So many of us are isolated these days. Lonely, depressed, and alone in our big empty houses. A lot of us don’t live in the same towns as our parents. Most of our interactions with our friends are online. Even wedding invitations are being sent on Facebook. I’ve recently come to accept that this is not enough for me. I need a tribe, closeness and connection, and real live humans around me in order to feel whole.
Most of you know that I attend Paleo conferences, like the Ancestral Health Symposium, PaleoFX, and PrimalCon on a regular basis. I know that many of you attend similar events. Whether it’s PantheaCon, ComicCon or BurningMan, when you’ve got something in common with a group of people, they feel like family.
I first met most of my friends from these events online, and online is where we all do most of our networking and communication. We have so much in common and have laid such a great foundation that by the time we get together in real life, it’s like we’ve always known each other. I fall fast and hard for each friend I meet–it only takes a couple days–and I’m really sad when the weekend is over and we all have to go home. It’s not uncommon that plans for the next event, or meeting, are made while we’re still together. We all feel the same way.
With each conference I’ve been to and each trip I’ve taken, the depression and feeling of loneliness gets worse when I get home. I feel like there wasn’t enough time for each person, realize that I didn’t get to see particular people at all, and cry all the way home on the plane. I’m not the only one to experience this. We come together as a community for a couple of days, work, play, and learn together, and then go our separate ways. Even those of us that aren’t very active on Facebook are suddenly posting 20 times a day after one of these things. We want to maintain that awesome connection over a long distance. These people matter to us. We’ve bonded with them.
But, as most of us know, long distance relationships never work out. Over time, we get on with our daily lives, which unfortunately just can’t include all those people that live halfway around the world from us. Sure, we continue to “like” their posts, and send them messages from time to time, but it’s harder to maintain that closeness when they’re far away. We can’t just call them up for coffee, or hang out on the weekend, unless they live close by.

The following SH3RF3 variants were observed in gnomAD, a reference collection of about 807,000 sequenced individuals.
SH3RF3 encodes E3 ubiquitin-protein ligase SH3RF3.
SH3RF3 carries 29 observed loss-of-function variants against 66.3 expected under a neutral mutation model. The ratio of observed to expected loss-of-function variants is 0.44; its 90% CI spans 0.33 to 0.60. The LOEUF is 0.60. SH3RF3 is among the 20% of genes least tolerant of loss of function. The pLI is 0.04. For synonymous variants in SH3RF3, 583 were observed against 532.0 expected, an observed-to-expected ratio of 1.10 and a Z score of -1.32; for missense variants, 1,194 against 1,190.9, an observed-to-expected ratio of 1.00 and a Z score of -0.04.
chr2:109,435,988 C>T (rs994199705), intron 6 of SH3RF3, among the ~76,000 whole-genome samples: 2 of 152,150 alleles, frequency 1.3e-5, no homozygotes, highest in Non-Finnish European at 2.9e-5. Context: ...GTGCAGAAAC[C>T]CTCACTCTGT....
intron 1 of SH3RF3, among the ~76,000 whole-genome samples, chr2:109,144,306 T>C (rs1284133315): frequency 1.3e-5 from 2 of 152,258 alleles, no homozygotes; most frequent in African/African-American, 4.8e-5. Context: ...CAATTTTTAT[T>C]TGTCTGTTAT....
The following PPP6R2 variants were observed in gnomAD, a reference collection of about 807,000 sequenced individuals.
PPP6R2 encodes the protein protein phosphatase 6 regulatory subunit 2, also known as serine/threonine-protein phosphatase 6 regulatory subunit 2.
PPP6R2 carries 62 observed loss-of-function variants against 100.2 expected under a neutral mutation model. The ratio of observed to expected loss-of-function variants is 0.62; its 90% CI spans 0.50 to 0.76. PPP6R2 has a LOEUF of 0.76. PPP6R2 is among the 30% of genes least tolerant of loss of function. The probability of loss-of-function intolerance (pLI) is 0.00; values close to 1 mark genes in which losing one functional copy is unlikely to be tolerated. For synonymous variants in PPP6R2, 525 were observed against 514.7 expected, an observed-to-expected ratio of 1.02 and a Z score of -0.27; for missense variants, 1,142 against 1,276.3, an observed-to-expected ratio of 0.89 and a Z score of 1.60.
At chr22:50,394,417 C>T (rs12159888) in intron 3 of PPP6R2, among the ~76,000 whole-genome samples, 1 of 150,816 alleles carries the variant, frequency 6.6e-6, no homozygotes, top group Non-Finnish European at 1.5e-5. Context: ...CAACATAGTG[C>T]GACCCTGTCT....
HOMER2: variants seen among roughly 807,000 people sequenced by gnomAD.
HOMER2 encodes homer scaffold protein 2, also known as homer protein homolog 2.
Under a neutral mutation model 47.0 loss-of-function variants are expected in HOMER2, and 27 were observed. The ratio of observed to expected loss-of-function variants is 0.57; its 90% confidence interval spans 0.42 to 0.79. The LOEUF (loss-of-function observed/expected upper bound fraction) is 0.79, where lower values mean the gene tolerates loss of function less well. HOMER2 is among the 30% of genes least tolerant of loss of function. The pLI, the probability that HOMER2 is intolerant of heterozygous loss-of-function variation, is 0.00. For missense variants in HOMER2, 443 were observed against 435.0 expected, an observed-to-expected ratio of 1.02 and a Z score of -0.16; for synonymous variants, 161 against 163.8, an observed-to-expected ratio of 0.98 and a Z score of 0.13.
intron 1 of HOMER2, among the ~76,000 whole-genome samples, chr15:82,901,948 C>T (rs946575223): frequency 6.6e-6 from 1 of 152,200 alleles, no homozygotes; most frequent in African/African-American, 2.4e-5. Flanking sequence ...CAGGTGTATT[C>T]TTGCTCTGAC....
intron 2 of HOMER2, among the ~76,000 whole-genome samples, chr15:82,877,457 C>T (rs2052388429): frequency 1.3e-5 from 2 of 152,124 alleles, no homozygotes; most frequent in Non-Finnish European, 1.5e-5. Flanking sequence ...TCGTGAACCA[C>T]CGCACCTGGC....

I was so upset after this year’s PaleoFX–actually, this time round it started during the event–that I questioned whether or not I even wanted to attend these things anymore. I vowed that it would be my last one. And then the reality of never seeing my friends again hit me.
I know that I listed Bonding as number five on my list of things I want to do on this long, strange trip but in reality, it’s the most important thing. It is, in fact, what fueled my desire to get away in the first place. As I flew home alone from PaleoFX, I just couldn’t stomach the thought of not seeing my friends again until August. That’s when I realized that I could visit them.
I know, it seems like a no-brainer. If you miss someone enough, you should go and visit them. Flights are cheap, plus you’ve got a free place to stay. If money isn’t the issue, then what is?
For me, part of the problem has been what to do with the kids while I’m gone, since traveling with them at this age (and the mental state I’m in) is like taking a trip to the fourth ring of hell. The other part of the problem is my self-esteem. If someone hasn’t come right out and invited me to come stay with them, it’s hard for me to believe that they would actually want me to visit. Moving every two to three years my entire life (and leaving behind more friends than I can remember each time) has definitely caused some self-esteem issues. I rarely went back to visit. I hardly ever kept in touch. If it wasn’t clear that someone wanted me in their life after I moved away, I tended to think that they didn’t. Even today, if I feel that someone has ‘chosen’ someone or something else over me, or if I haven’t been officially invited to something, then I don’t feel welcome and I figure they don’t want to be friends with me anymore. I’m really trying to work on this, and part of the way I can do that is to impose myself and watch what happens.
I’m not going to be able to visit everyone I want to during this trip, unless I start taking transatlantic flights and spend approximately 30 minutes in each location. But I can visit people who live a few days driving distance away from me and spend a couple of days getting to know them better. It’s been incredibly hard for me to set this up, though. Pretty much announcing to people that I’m showing up in a few days to crash on their couch whether they like it or not is not in my nature. Asking for help isn’t either. And that definitely needs to change if I’m going to get through this experience they call life intact.
[box] Hugging is a great way to bond with people. It also releases oxytocin–but only if you hug for six seconds or longer. While at PaleoFX this year, Evan Brand and Jackie Reger taught me a powerful lesson on the value of hugging. Jackie said the best way to hug and connect to someone was heart-to-heart. I had never consciously done this before. Hugging Evan heart-to-heart for longer than six seconds moved me to tears and made me feel immensely powerful at the same time. Next time you’re about to shake someone’s hand, think about this. If you want to connect with them on a deeper, personal level, try a hug instead.[/box]